Xena nodded and left.


Gabrielle lingered at the table, her usual appetite now gone.  She hated deceiving her newest and now best friend.  The warrior trusted her, even though Gabrielle suspected that Xena suspected something wasn’t quite right.  Gabrielle sighed.  It was hard sometimes, balancing her acceptance of what Xena had been with her hopes for who Xena wanted to be.   Was she going behind the warrior’s back to protect her?  Was it because of her own fears or curiosity?


“Guess I know how to find out,” she said, admitting to herself that there was no way she wouldn’t keep her appointment with the mystery man. 




The crowd at the inn that evening did swell from the 10 people of the previous night to about 20.   Xena was relieved to see that Gabrielle hadn’t started her performance yet.  The warrior hastened to the storeroom to deposit the game she’d snared, then to the well out back to wash up.  She returned just in time to see Gabrielle hop atop the bar, to give everyone a good view of her.  Xena found a seat in the rear and waved at the bard.  Gabrielle smiled at the warrior and launched into her first story.


Xena ordered ale and propped her feet up.  She settled in for a long night, even though Gabrielle once again didn’t seem “on.”  Just as Xena started to relax, she heard the bard utter some surprising words.


“All right, folks, that’s it for the evening.  Thanks for coming.” 


“Hey!  One story?!  That’s it?” someone yelled as Gabrielle hopped down.


“We want more!”


“Yeah, we put off our late chores to hear you!”


“Sorry,” Gabrielle apologized, putting up her hands.  “I’m not feeling my best tonight.  Perhaps tomorrow.”


“No!  Not tomorrow!  Now!”


“She said ‘tomorrow.’”  Xena wove her way through the tables to stand beside Gabrielle.  “The day after today.  The next sunset, to be exact.  Anybody still having problems understanding what ‘tomorrow’ means?”


The more raucous audience members paused to examine the imposing warrior who’d deigned to educate them about different days of the week.  Though they continued to grumble, most folks either got up to leave or decided to spend their entertainment time getting drunk.  Apparently no one deemed it wise to ignore the lesson they’d been taught about harassing a certain redheaded bard.




Xena sat by the window polishing her armor.  She glanced frequently at the young woman seated at the table with her quill poised above a scroll.  They’d gone immediately to their room after Gabrielle’s performance.  The bard had thanked Xena for rescuing her, but said little since.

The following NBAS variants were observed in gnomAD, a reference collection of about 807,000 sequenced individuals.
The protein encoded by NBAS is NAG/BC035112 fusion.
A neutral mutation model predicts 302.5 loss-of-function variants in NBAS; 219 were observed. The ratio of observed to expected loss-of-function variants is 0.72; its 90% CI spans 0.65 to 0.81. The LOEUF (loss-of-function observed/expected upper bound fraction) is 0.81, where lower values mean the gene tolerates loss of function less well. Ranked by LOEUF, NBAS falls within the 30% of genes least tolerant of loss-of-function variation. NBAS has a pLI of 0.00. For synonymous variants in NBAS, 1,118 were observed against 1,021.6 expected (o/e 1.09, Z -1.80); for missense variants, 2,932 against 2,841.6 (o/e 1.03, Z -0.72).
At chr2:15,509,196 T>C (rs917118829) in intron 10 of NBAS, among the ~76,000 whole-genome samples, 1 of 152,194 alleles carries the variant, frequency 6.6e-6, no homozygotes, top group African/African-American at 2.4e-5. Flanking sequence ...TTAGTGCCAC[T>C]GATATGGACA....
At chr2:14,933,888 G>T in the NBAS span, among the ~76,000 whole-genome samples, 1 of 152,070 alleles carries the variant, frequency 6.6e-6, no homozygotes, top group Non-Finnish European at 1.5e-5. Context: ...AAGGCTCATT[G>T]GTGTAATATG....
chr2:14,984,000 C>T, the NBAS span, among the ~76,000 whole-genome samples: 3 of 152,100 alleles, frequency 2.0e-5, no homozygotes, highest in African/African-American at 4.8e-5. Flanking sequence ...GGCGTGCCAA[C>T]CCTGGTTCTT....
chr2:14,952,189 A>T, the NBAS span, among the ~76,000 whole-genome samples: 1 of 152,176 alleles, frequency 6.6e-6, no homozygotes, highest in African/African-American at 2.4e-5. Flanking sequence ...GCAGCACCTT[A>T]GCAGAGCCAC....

“One of those deer put up quite a fight.  Had to chase it up a tree and wrestle around on some branches before subduing it enough to shimmy down.”  Xena checked to see what response this had gotten.  None.  “Carrying it in my teeth.”


“Mmm.  That’s nice,” Gabrielle responded, continuing to stare at her scroll.


“But the rabbit was even worse.  Knocked me to the ground a couple times.  Butted me hard enough to put a dent in my chestpiece.”


“Uh huh.  Glad it worked out okay.”






“Care to tell me where you are?”


“Maybe tomorrow you’ll find a ….”  Gabrielle’s head jerked up.  “What?”


“I get the feeling whatever you’re thinking about isn’t going on that scroll.”


Gabrielle blinked.  She looked down at the blank parchment in front of her.  “Oh.  That.”  She let out a long breath.  “Yeah, it’s not coming along like I pictured.”


Xena set her armor on the floor.  “You seem a million miles away.  Mind telling me where?”


The bard fiddled with her quill, apparently lost in thought again.  Finally she took a deep breath and turned her chair toward Xena.


“You know how you almost let those people execute you for something you didn’t do?”


A beat passed before Xena answered.  “Yesss?”


“How far would you go to fix something?  I mean, something you really had done wrong?”


“Wrong?  What kind of ‘wrong?’”


“Wrong.  You know, like … like maybe hurting some innocent villagers.”


Xena leaned back in her chair.  “Gabrielle, what’s this about?”


“Nothing, really.  I’m just trying to understand some things.”  Gabrielle lowered her head.  “Not so much for a story.  For … myself.”


“Such as?”


Gabrielle sighed.  “I know you want to make up for some of the bad things you did.  I just wondered ….  If you had the chance to do that, would you?  I mean, if the victims were right in front of you, asking for justice?”


“How about you be more specific.”


“More specific?”  Gabrielle squirmed a bit in her chair.  “I … um … I meant generally.   Would you feel it’s too late?  That it wouldn’t help you or them?  Or that it would be worth the try?”


Xena sighed, then got up and leaned against the window, gazing out.  “I’ve done a lot of ‘wrong’ things.  Most can’t be fixed.  Some of it, maybe people have already gotten past.”  She regarded Gabrielle solemnly.  “I can’t change any of it.  I’m not even sure sometimes whether the greater justice is paying with my death or my life.”


“Would you leave it up to the victims?   If they told you what would satisfy them?”


“Gabrielle, I react to the moment.  I can’t let what I could do be weighed down by what I’ve done.  I can’t escape my responsibilities by hoping what I do in the future will free me from the past.   I can’t say exactly what I’d do until I’m there.  Only that I’ll try to do what seems best.”


Gabrielle pondered this.  “I think I understand,” she decided.  “That seems fair.”


“And what about you?  What would you do?”


 “M-m-me?”  Gabrielle searched her friend’s face, seeking in vain for clues to this surprising question.  “What do you mean?”


The warrior picked up her armor and carried it to the pile of belongings beside her bed.  “You’ve traveled with me a few months now.  You’ve seen how people react.”  She stated this casually, though Gabrielle could feel the tension beneath the studied calm.  “How would you decide what’s right?”  Xena got on the bed and propped herself against the wall, gazing at Gabrielle with an unreadable expression.